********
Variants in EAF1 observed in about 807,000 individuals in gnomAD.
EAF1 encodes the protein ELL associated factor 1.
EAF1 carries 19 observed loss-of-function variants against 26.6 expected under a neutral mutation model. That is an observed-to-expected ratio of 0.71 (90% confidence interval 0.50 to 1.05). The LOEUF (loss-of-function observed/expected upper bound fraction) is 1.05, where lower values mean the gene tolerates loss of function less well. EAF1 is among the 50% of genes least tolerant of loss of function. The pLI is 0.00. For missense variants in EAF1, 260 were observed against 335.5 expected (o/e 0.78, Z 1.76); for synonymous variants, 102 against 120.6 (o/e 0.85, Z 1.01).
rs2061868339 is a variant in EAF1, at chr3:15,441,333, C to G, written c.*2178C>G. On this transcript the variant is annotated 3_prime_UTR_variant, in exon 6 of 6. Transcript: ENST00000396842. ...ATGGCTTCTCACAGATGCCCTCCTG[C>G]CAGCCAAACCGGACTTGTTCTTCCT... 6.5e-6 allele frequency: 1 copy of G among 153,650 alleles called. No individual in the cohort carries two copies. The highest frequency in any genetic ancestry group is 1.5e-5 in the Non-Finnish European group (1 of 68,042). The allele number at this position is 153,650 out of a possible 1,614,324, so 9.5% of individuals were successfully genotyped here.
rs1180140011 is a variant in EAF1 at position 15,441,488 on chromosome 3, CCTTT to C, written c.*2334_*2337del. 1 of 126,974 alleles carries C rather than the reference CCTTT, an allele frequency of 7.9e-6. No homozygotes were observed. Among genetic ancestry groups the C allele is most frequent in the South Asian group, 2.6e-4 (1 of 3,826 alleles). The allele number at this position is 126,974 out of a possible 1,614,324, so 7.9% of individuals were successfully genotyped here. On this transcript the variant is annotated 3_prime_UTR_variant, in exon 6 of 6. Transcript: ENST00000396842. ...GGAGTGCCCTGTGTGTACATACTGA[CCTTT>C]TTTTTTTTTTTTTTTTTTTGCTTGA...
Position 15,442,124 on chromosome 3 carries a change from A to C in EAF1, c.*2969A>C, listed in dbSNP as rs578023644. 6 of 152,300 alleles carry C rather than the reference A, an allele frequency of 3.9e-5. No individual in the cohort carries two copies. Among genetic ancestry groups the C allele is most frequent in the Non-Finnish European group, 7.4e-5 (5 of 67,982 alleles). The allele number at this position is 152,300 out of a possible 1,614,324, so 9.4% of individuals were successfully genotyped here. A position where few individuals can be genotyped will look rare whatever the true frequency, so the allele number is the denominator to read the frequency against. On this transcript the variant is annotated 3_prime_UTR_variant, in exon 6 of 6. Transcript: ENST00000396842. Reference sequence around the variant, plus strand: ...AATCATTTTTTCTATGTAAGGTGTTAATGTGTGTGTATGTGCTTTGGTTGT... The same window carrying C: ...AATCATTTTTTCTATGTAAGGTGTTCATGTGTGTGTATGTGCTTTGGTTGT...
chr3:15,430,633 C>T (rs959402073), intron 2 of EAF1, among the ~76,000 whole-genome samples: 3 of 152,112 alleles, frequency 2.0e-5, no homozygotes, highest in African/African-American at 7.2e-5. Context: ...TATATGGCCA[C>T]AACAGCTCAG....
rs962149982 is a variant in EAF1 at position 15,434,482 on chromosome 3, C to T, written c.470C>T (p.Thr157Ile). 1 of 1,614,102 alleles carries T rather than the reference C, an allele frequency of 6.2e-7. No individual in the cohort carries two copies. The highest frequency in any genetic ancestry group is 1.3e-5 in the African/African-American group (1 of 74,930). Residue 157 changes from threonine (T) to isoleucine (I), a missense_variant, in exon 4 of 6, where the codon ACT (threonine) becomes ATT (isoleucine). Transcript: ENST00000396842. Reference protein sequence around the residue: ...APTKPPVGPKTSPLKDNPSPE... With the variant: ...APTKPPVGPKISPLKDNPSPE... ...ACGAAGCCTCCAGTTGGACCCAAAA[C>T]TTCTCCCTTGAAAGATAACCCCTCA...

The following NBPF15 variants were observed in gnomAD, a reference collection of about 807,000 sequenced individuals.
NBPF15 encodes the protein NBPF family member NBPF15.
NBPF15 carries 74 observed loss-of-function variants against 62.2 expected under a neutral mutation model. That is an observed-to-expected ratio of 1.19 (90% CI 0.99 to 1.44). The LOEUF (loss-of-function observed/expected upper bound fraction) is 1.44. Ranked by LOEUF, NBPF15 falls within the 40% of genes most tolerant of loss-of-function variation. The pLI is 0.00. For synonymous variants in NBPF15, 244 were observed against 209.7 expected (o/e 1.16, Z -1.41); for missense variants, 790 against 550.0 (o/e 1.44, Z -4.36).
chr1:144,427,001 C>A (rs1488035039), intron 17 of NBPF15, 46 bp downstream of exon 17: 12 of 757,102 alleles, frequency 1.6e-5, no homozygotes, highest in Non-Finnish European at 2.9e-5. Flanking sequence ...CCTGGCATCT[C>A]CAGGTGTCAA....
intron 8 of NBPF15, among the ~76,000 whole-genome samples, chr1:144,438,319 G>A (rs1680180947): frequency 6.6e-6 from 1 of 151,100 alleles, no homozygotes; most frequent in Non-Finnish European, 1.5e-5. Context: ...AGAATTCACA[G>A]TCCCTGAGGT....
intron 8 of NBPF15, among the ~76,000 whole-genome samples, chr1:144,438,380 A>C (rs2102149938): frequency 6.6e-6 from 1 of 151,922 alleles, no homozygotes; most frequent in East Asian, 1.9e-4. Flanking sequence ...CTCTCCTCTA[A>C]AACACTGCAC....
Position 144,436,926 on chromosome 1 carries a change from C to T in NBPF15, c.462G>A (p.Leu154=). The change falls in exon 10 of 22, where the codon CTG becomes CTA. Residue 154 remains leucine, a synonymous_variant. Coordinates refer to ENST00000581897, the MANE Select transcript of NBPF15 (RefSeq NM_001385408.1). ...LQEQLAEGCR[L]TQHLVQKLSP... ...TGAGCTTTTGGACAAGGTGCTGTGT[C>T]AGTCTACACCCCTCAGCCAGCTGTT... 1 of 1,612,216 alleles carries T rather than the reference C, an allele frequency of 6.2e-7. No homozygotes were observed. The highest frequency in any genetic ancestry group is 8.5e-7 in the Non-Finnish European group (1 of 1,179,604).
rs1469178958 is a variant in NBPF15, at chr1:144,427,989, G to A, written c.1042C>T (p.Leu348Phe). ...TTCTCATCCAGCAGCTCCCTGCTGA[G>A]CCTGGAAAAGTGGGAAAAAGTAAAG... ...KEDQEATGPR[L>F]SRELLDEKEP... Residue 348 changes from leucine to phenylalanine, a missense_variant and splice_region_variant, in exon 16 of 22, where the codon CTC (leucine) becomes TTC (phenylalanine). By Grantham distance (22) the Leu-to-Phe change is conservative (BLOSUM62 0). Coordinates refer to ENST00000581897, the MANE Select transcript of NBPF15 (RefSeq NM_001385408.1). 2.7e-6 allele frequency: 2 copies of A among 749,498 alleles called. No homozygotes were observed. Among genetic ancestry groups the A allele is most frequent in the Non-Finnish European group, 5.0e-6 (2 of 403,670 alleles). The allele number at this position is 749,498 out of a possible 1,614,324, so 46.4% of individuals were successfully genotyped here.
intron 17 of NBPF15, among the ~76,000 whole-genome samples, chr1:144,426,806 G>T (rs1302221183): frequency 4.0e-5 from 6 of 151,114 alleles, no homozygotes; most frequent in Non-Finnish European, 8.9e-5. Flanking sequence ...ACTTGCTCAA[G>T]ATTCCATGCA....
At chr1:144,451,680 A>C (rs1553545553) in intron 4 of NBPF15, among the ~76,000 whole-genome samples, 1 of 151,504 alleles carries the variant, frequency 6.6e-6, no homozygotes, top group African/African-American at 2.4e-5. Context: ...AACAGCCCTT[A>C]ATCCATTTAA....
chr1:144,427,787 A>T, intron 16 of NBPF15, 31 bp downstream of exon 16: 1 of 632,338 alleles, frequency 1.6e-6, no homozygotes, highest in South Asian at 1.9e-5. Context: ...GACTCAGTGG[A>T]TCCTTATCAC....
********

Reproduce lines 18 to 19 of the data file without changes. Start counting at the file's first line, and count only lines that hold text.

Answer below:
At chr1:144,451,680 A>C (rs1553545553) in intron 4 of NBPF15, among the ~76,000 whole-genome samples, 1 of 151,504 alleles carries the variant, frequency 6.6e-6, no homozygotes, top group African/African-American at 2.4e-5. Context: ...AACAGCCCTT[A>C]ATCCATTTAA....
chr1:144,427,787 A>T, intron 16 of NBPF15, 31 bp downstream of exon 16: 1 of 632,338 alleles, frequency 1.6e-6, no homozygotes, highest in South Asian at 1.9e-5. Context: ...GACTCAGTGG[A>T]TCCTTATCAC....